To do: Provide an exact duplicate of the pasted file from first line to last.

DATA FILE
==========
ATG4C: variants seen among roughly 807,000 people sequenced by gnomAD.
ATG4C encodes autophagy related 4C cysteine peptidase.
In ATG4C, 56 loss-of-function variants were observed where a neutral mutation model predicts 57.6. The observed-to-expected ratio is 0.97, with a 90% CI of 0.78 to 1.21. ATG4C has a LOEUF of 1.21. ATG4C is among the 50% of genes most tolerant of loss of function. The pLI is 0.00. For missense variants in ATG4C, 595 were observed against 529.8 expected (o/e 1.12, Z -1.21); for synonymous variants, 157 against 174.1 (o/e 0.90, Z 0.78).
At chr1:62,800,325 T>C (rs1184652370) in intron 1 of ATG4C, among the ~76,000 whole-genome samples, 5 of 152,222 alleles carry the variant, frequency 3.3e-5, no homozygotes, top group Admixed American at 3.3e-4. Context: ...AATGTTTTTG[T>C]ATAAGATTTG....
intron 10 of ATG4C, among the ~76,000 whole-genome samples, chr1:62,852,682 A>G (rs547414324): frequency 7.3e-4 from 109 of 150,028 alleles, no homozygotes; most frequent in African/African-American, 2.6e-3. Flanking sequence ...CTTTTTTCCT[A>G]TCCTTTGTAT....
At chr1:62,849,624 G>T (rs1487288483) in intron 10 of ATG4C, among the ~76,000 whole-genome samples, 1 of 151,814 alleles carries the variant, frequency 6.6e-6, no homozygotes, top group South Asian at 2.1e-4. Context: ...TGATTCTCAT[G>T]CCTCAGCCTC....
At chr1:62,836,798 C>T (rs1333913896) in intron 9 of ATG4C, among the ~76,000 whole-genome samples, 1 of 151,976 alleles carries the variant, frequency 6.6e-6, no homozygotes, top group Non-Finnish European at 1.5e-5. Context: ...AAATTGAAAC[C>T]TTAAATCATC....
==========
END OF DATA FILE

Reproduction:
ATG4C: variants seen among roughly 807,000 people sequenced by gnomAD.
ATG4C encodes autophagy related 4C cysteine peptidase.
In ATG4C, 56 loss-of-function variants were observed where a neutral mutation model predicts 57.6. The observed-to-expected ratio is 0.97, with a 90% CI of 0.78 to 1.21. ATG4C has a LOEUF of 1.21. ATG4C is among the 50% of genes most tolerant of loss of function. The pLI is 0.00. For missense variants in ATG4C, 595 were observed against 529.8 expected (o/e 1.12, Z -1.21); for synonymous variants, 157 against 174.1 (o/e 0.90, Z 0.78).
At chr1:62,800,325 T>C (rs1184652370) in intron 1 of ATG4C, among the ~76,000 whole-genome samples, 5 of 152,222 alleles carry the variant, frequency 3.3e-5, no homozygotes, top group Admixed American at 3.3e-4. Context: ...AATGTTTTTG[T>C]ATAAGATTTG....
intron 10 of ATG4C, among the ~76,000 whole-genome samples, chr1:62,852,682 A>G (rs547414324): frequency 7.3e-4 from 109 of 150,028 alleles, no homozygotes; most frequent in African/African-American, 2.6e-3. Flanking sequence ...CTTTTTTCCT[A>G]TCCTTTGTAT....
At chr1:62,849,624 G>T (rs1487288483) in intron 10 of ATG4C, among the ~76,000 whole-genome samples, 1 of 151,814 alleles carries the variant, frequency 6.6e-6, no homozygotes, top group South Asian at 2.1e-4. Context: ...TGATTCTCAT[G>T]CCTCAGCCTC....
At chr1:62,836,798 C>T (rs1333913896) in intron 9 of ATG4C, among the ~76,000 whole-genome samples, 1 of 151,976 alleles carries the variant, frequency 6.6e-6, no homozygotes, top group Non-Finnish European at 1.5e-5. Context: ...AAATTGAAAC[C>T]TTAAATCATC....